President Jonathan cannot have had the easiest four years. Do you think it’s easy waking up knowing that at least three quarters of the country is unhappy with you? Even the ones that voted for him will agree with me. The reasons for their votes probably had more to do with the fact that they didn’t like the competition than their approval of GEJ’s leadership. Anyway, all of that is yesterday’s news because come May (fingers crossed), we’ll have a brand new President whose office won’t be as ineffective, inefficient, and corrupt as his predecessor’s (fingers crossed).
As bad as the GEJ administration has been I can’t help but feel that we are a little overzealous in our blatant disregard for the man. There’s so much contempt for him out there, and while he’s undoubtedly deserving of a fraction of it, it’s a touch unfair to lay all the blame at the feet of one man. In our haste to dissociate ourselves from the loser of the elections, we mustn’t forget all the good that GEJ did while he was in power. I won’t dive into a critical assessment of the policies he put his weight behind, as these are far too controversial for them to be properly graded without anything but a dissertation. Instead, I’ll focus on the less contestable areas of our president’s performance.
GEJ’s legacy will be his handover. We cannot possibly overestimate the good he’s done us with his acceptance of his defeat. If he’d mentioned anything about heading to court to contest the results, I do not think that any of us would have returned to business as usual on the work days that followed. His cronies were ready. Godsday Orubebe showed us that when he snatched the microphone from Jega. The fight was there in his eyes, but without a willing master, his complaints of tribalism and favouritism fell on deaf ears. He’s the first sitting president to have conceded defeat and it’s the first democratic handover of power between parties in our country’s history. Apart from the president’s apparently inherently peaceful disposition, there’s another reason why he’ll be remembered and that is his humour.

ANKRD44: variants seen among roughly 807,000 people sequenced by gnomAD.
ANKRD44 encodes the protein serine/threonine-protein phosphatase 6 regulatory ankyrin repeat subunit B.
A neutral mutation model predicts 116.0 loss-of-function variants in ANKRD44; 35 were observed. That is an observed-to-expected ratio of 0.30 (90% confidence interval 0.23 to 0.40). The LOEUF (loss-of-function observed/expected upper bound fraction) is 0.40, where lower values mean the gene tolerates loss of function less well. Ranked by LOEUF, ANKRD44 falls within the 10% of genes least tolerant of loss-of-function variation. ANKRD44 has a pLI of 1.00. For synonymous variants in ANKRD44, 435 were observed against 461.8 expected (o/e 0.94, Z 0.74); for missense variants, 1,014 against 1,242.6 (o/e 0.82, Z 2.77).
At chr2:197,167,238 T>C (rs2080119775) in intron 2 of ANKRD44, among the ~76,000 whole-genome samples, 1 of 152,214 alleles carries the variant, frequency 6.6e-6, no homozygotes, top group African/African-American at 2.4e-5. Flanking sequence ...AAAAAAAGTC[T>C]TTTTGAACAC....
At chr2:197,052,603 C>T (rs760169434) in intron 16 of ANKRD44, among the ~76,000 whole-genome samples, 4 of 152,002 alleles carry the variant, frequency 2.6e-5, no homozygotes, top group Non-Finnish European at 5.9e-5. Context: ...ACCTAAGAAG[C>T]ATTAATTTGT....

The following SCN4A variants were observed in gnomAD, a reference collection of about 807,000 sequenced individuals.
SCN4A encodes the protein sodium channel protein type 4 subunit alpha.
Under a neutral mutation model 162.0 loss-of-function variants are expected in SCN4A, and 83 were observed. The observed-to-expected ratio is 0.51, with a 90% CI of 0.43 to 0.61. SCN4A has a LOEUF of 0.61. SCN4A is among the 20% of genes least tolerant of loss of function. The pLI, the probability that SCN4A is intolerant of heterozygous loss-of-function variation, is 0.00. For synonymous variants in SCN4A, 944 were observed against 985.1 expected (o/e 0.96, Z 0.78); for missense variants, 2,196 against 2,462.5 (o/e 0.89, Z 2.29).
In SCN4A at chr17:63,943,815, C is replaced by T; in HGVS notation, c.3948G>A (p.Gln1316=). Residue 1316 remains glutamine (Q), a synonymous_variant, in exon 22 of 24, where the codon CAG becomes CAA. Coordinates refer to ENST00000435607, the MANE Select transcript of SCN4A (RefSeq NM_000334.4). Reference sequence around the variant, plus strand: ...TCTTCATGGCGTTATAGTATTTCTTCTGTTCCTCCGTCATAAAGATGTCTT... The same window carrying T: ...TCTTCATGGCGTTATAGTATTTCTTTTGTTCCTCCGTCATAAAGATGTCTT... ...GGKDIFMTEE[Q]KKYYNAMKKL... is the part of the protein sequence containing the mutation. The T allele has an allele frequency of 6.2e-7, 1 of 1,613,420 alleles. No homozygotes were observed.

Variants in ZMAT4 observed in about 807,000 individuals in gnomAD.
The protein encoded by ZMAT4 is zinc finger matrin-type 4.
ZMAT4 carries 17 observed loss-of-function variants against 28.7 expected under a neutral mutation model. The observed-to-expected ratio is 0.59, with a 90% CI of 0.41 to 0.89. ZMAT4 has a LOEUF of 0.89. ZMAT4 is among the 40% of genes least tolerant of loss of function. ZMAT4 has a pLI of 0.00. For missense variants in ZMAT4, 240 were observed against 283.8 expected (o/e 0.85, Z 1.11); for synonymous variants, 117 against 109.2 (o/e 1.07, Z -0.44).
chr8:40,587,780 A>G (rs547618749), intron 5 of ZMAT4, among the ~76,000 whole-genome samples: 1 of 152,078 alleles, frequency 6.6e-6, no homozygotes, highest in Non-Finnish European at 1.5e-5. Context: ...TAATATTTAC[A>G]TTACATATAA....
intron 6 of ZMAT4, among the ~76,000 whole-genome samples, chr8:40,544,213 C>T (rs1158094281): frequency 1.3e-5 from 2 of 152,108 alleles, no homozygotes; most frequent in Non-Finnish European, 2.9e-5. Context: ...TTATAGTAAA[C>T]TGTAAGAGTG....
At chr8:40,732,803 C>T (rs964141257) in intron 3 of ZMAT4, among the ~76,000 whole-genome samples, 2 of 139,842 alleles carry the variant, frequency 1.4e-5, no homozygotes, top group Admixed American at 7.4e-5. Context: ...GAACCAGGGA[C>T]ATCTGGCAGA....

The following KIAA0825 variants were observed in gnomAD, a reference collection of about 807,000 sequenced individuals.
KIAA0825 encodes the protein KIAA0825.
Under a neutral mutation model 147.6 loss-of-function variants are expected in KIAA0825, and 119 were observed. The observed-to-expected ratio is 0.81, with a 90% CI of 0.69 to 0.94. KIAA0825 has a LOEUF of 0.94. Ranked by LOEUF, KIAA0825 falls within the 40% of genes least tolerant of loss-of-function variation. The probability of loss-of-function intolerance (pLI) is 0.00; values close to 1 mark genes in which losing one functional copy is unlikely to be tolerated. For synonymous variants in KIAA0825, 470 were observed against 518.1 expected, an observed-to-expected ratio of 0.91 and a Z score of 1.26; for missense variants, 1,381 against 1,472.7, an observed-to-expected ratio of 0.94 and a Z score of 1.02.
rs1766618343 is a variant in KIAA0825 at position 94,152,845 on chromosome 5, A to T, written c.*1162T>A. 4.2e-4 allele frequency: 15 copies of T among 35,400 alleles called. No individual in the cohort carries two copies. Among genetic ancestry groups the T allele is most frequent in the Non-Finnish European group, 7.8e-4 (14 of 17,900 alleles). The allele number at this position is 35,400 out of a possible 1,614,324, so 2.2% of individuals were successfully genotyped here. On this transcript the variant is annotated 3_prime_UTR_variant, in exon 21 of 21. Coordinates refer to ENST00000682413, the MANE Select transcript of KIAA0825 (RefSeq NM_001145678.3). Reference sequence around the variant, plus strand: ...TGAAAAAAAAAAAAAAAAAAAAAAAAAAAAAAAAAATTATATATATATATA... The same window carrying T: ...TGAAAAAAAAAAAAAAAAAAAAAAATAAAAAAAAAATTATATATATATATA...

Don’t get me wrong, we rarely ever had cause to laugh at or with him, but his wife was a different matter entirely. Mama Peace is up there with Basketmouth and Bovi in her comedic prowess. She’s been described as a hippopotamus, an intolerable vulgarity, and the height of obscenity. However, I like to think of her as a woman whose heart was in the right place but just couldn’t rise past the limits of her education and socialisation.
Most of her comedic success was unintentional, but the intent doesn’t matter as much as the results. I’d hate to believe that she didn’t know what she was doing. The fact that her failings at her use of the English language all went viral can’t have missed the attention of her media office. I’ll never forget her absolute inability to understand what is meant by “widow” – she called herself a widow (any way you look at it, she isn’t) and then went on to call orphaned children widows as well. Or her inability to differentiate between singularity and plurality (The President was once a Child and the Senators were once a Children; My Husband and Sambo is a good people). And who can forget her unparalleled achievements in the use of hyperbole (If you vote the PDP and Jonathan, it would be better for you. If you vote the APC, you will go to prison; If you drink APC, you will die).
And lastly, I’ll never forget her experiments with fantasy (Nigerian women shine your eyes, don’t go for analogue, go for digital. PDP is digital, APC is analogue). During the PDP campaign she outdid herself! She was at almost every political rally delivering her truly original lines with so much gusto, charisma, and gumption that even her biggest critics were wowed by the spectacle of it all. If her more presentable successor chases an issue with half as much enthusiasm as Mama Peace did anything, I do not doubt that we’ll be all the better for it.
It is a little sad that we must say goodbye, but I’ll keep a prayer going for her transition to Nollywood for there is no reason why her skills at entertaining should die.